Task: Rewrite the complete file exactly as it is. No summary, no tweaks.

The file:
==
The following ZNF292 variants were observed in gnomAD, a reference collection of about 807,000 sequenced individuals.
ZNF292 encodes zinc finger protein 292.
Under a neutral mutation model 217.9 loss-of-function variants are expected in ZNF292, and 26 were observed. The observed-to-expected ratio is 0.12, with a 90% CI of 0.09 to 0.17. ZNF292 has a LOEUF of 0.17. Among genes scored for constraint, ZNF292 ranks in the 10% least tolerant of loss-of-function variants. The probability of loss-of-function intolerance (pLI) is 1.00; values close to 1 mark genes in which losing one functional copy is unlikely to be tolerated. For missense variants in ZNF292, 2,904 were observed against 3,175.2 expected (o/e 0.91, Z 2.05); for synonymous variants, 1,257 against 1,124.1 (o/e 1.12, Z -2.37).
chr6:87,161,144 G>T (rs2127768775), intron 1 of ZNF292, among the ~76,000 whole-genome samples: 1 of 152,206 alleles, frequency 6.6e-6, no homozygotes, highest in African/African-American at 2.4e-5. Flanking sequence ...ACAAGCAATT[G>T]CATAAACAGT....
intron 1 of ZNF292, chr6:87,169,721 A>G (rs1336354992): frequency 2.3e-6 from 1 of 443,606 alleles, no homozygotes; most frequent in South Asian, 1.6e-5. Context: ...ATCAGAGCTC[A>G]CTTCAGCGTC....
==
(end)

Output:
The following ZNF292 variants were observed in gnomAD, a reference collection of about 807,000 sequenced individuals.
ZNF292 encodes zinc finger protein 292.
Under a neutral mutation model 217.9 loss-of-function variants are expected in ZNF292, and 26 were observed. The observed-to-expected ratio is 0.12, with a 90% CI of 0.09 to 0.17. ZNF292 has a LOEUF of 0.17. Among genes scored for constraint, ZNF292 ranks in the 10% least tolerant of loss-of-function variants. The probability of loss-of-function intolerance (pLI) is 1.00; values close to 1 mark genes in which losing one functional copy is unlikely to be tolerated. For missense variants in ZNF292, 2,904 were observed against 3,175.2 expected (o/e 0.91, Z 2.05); for synonymous variants, 1,257 against 1,124.1 (o/e 1.12, Z -2.37).
chr6:87,161,144 G>T (rs2127768775), intron 1 of ZNF292, among the ~76,000 whole-genome samples: 1 of 152,206 alleles, frequency 6.6e-6, no homozygotes, highest in African/African-American at 2.4e-5. Flanking sequence ...ACAAGCAATT[G>T]CATAAACAGT....
intron 1 of ZNF292, chr6:87,169,721 A>G (rs1336354992): frequency 2.3e-6 from 1 of 443,606 alleles, no homozygotes; most frequent in South Asian, 1.6e-5. Context: ...ATCAGAGCTC[A>G]CTTCAGCGTC....